Delhi: Couple, their two children dead as fire engulfs building in Pitampurahttps://indianexpress.com/article/cities/delhi/four-people-including-two-kids-die-as-fire-breaks-out-at-building-in-delhis-pitampura-5135729/

Delhi: Couple, their two children dead as fire engulfs building in Pitampura

Police said prima facie the fire might have been a result of a short circuit, even though a report on the matter was awaited and investigations were at a preliminary stage.

Delhi fire kills four of a family
Police have identified the deceased as Rakesh Nagpal (40), his wife Tina Nagpal (37) and their seven-year-old son Himanshu and three-year-old daughter Shreya. (Express photo)

Four people of a family died after a fire broke out inside their house in north-west Delhi’s Pitampura area on Thursday night. Police have identified the deceased as Rakesh Nagpal (40), his wife Tina Nagpal (37) and their seven-year-old son Himanshu and three-year-old daughter Shreya. However, the Delhi Fire Service managed to rescue three other people, including an elderly woman, who are undergoing treatment at Ambedkar Hospital.

Police said prima facie the fire might have been a result of a short circuit, even though a report on the matter was awaited and investigations were at a preliminary stage.

Delhi fire kills four of a family
Their bodies were found near the staircase of the building and it is suspected that they suffocated to death, police said. (Express photo)

The fire broke out at House 484, Kohat Enclave, a three-storey building, which houses four families. When the blaze was reported at 2.48 am, more than 25 people were there inside the building. “We got information about the fire at 2:48 am. After ascertaining the volume and severity of the blaze, seven fire tenders were sent to the spot along with three other support vehicles, including a water bowser,” Chief Fire officer Atul Garg said.

Explaining the modus operandi of the operation, a DFS officer said while some managed to escape, the trapped people were taken out from the back exit of the building. “Some of the people had managed to escape, while those trapped were rescued by the firemen. The rescued people were taken out of the back exit of the building,” said a DFS officer.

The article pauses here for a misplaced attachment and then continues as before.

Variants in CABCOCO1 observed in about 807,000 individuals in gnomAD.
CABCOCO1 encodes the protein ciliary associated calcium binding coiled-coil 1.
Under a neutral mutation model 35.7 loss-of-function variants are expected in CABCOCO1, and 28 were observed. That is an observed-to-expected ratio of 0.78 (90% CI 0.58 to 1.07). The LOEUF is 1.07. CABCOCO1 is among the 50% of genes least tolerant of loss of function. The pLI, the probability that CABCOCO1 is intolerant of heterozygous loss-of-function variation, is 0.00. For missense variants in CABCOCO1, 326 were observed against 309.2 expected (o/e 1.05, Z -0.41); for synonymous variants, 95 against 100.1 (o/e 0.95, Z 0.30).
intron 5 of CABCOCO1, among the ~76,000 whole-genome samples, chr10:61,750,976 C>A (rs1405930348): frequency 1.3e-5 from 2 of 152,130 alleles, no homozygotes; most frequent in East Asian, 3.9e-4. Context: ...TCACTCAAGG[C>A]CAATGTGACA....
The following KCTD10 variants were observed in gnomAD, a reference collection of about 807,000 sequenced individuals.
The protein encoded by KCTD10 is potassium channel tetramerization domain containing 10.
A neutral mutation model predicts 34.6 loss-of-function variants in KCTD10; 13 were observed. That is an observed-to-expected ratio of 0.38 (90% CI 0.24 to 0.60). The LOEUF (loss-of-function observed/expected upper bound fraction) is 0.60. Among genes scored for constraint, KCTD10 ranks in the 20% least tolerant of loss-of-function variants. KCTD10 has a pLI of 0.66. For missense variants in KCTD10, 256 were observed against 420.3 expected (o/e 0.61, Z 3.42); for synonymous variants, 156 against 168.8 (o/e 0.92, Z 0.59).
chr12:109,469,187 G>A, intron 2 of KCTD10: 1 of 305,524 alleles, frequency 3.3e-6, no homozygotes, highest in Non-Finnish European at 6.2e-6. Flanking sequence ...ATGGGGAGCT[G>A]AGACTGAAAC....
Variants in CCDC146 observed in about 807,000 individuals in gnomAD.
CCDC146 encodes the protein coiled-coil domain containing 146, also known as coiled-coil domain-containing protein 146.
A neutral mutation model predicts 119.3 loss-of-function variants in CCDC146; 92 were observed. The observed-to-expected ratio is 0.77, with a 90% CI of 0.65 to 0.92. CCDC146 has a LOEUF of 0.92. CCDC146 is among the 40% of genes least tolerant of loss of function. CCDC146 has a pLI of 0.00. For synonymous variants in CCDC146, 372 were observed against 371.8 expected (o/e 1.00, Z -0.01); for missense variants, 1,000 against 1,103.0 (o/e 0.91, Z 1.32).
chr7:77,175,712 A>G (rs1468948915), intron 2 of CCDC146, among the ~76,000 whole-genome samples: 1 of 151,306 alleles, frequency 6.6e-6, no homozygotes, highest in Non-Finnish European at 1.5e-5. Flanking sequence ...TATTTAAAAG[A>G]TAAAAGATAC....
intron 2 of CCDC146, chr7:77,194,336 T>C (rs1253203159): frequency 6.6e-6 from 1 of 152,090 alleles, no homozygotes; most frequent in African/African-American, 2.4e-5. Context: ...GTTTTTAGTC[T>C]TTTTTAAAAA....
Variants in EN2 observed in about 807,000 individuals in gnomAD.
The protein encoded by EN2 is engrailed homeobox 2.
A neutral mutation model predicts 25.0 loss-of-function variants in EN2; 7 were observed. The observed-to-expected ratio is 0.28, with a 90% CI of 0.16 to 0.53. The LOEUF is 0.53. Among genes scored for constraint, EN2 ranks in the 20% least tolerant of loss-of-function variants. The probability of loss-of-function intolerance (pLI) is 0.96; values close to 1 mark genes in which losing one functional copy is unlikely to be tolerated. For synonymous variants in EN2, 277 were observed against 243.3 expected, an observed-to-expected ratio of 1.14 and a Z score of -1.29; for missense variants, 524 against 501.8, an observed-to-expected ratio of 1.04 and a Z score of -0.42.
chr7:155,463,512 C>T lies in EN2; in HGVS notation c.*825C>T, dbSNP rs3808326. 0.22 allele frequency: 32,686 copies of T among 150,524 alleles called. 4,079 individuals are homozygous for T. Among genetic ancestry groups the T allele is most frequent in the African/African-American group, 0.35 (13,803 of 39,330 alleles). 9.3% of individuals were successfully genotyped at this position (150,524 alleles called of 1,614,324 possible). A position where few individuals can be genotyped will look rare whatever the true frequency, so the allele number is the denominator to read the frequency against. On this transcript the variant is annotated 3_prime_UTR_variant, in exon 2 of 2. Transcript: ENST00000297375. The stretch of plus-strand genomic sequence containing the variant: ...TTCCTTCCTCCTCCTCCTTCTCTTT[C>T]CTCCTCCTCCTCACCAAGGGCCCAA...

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The casualties could have been higher but for the alertness of the security guard, who immediately raised an alarm after he witnessed sparks from a electric meter at the ground floor. However, it is unclear why Nagpal and his family members, staying at the first floor, did not rush outside. Their bodies were found near the staircase of the building and it is suspected that they suffocated to death, police said.

Fire dept to assess claims that norms were violated 

On the day he died, Rakesh Nagpal was supposed to accompany his brother, Ankit, to a destination wedding in Mussoorie. “A Ludhiana-based client had invited us for his son’s wedding. We were supposed to leave early morning, but he never answered my calls, nor did his wife. I went to their house and saw the building was on fire,” Ankit said. Just a few days ago, the Nagpal house was celebrating their daughter getting admission to GD Goenka School’s nursery class. “Who knew they would go like this,” said Vikas, a close friend of the family.

For an hour after the fire broke out, three families on the second floor tried desperately to escape the building — but only two managed to get out. Badlu, who has been working as a security guard at the building for over five years, claimed there were no fire extinguishers, smoke alarms, emergency hose reels or a motorised pump to harness water from.

The fire department is now checking if the building owner followed fire safety norms. “Everybody kept waiting for fire tenders. Even after firemen saved a few people, locals kept criticising them,” said Badlu. At the hospital where the post-mortem was conducted, Rakesh’s sister Anju broke down: “They told me my brother was sick. But he’s dead… he was the youngest.”

Also gathered at the hospital were more than 15 workers from the Chandni Chowk cloth market, where Rakesh ran a shop. “We never called him sir; he insisted we call him bhaiya. He would pay us advance salary and always hear out our problems,” said Hema, who worked with him. Annu, another employee, recalled playing with Rakesh’s two children at the shop. “They would teach us games so we could play with them,” she said.